First, it's very YA. Which means there is always some contrived reason why nobody shares information, El won't talk to the few friends she has who obviously could be allies, and conveniently always does her heroic and impressive deeds in circumstances where nobody will know about it. She also has a cliched love-hate thing going on with Orion Lake, a paladin wannabe who has a magical affinity for combat magic so effective that he kills a dozen Maleficaria before breakfast and kind of doesn't understand why they're such a big deal to everyone else.
And really, I just didn't like El much. She might have reasons for being such a bitch, but boy is she.
Now, I will say that many of the things that had me groaning were subverted a bit by the end of the book. We get some more detail on El's "dark" nature. She's not actually evil, but she still got stuck with an inherently dark talent, so it's
Then there's another little bombshell dropped at the very end in a cliched YA "give the main character just enough information to screw with her but not enough to actually answer any questions" cliffhanger.
So, I kind of liked this story, and I might read the sequel, but I didn't find the magic system original, El was hard to like, and the other kids were mostly walking tropes. The writing style was fine, but not compelling, so while this book didn't bore me the way Temeraire did, it didn't really win me over either.
I also found it ironic that Novik, despite trying to make sure all her DEI boxes were checked, as is obligatory for all YA novels written in 2020, still got dragged a bit for "racism." El is half-Welsh, half-Indian, which was apparently all kinds of problematic for a white author to write (and would have been no matter how she wrote El). There's also an unfortunate paragraph that makes perfect sense within the story, but even as I read it, I realized, "Oh dear, Novik did a no-no," and indeed, it generated so much outrage that Novik actually promised to remove it from future editions:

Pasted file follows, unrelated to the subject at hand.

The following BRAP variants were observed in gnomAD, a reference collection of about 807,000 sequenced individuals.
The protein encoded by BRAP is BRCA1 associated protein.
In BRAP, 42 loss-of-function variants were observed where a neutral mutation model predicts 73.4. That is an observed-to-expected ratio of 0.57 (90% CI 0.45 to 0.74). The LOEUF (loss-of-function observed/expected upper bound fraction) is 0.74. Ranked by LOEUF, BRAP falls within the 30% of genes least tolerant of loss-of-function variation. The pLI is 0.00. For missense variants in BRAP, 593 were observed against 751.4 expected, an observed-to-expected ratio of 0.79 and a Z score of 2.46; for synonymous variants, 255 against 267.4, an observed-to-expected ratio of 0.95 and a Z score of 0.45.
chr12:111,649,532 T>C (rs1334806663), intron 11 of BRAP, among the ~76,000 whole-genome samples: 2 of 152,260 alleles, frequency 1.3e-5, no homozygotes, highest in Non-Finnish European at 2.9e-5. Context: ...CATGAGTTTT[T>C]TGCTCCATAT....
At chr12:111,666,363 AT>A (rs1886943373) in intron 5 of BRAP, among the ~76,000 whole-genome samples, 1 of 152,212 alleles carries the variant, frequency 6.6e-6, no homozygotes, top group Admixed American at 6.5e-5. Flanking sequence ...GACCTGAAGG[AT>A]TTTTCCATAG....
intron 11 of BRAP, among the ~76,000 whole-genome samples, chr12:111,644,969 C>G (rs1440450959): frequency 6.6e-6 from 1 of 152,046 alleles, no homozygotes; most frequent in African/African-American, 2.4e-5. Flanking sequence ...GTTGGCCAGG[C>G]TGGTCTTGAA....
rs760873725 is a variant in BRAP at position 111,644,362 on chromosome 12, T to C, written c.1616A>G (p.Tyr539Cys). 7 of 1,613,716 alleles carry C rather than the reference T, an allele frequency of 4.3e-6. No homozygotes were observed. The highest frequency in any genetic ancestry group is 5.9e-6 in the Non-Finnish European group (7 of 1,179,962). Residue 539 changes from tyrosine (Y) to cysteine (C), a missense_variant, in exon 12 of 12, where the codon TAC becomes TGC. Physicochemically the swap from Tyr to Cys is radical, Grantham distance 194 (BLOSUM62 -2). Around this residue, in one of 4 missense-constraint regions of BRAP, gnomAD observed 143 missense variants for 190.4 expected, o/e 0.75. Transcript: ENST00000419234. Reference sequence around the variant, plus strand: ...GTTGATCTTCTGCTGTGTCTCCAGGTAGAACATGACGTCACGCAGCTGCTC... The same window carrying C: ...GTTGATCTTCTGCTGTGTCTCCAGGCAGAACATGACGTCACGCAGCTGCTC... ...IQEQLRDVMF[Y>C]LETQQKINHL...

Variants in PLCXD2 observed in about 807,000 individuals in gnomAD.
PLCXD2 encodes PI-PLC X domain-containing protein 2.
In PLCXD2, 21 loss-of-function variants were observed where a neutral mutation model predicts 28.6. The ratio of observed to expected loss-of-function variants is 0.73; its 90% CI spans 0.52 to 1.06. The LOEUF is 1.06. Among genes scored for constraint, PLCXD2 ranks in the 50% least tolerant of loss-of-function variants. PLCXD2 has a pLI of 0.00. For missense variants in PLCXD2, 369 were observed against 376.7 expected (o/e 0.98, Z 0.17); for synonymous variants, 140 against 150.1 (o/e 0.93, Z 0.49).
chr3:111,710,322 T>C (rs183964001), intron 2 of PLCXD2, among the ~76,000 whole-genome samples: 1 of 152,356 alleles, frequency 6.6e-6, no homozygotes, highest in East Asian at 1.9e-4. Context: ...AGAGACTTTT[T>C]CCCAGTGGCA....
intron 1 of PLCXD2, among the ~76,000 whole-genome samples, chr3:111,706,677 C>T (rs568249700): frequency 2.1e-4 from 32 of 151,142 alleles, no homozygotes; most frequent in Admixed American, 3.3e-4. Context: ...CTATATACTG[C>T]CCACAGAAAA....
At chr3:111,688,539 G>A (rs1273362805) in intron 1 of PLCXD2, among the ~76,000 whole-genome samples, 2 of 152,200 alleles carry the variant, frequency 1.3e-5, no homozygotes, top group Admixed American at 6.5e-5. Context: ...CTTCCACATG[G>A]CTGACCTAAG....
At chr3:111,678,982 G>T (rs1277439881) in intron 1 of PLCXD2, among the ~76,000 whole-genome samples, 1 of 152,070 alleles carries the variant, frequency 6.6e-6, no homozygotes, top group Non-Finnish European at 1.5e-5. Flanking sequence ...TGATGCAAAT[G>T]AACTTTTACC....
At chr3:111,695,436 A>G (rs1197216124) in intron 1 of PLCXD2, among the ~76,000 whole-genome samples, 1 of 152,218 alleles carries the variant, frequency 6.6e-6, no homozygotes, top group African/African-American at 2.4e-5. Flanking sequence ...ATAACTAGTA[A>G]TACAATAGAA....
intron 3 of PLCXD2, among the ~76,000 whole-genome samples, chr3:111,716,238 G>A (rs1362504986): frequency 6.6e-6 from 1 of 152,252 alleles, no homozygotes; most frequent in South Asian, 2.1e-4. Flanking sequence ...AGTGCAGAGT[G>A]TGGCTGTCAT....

Going fully shaved like that is popular if you can afford it. Dreadlocks are unfortunately not a great idea thanks to lockleeches, which you can probably imagine, but in case you need help, the adult spindly thing comes quietly down at night and pokes an ovipositor into any big clumps of hair, lays an egg inside, and creeps away. A little while later the leech hatches inside its comfy nest, attaches itself to your scalp almost unnoticeably, and starts very gently sucking up your blood and mana while infiltrating further. If you don’t get it out within a week or two, it usually manages to work its way inside the skull, and you’ve got a window of a few days after that before you stop being able to move. On the bright side, something else usually finishes you off quickly at that point.
Keep in mind, this is a world in which there are all kinds of horrific demonic critters trying to literally get under your skin through every available orifice and pore. But that did not stop the uncharitable readings, and from there critics just picked apart every detail of the worldbuilding, from accusations of "Cho Chang"ing an Asian character's name to implying Indians are dirty. (El mentions she only showers once or twice a week — for very good reason because she has no friends to watch her back in the showers.)
Novik apologized, and learned a lesson about apologizing to bad faith critics. (Well, no, unfortunately, she didn't.)
I realize the last bit of this review has been more a rant about the state of YA fiction, but ye gods, every time I look at YA Twitter and Goodreads and the like, I see a carnivorous frenzy of spiteful cannibalistic crabs in a bucket.
That said, this book was just interesting enough that I am kind of curious to see what Novik does with El next, and also what will happen after she's performed her penance and run the sequel through the appropriate panel of "sensitivity readers."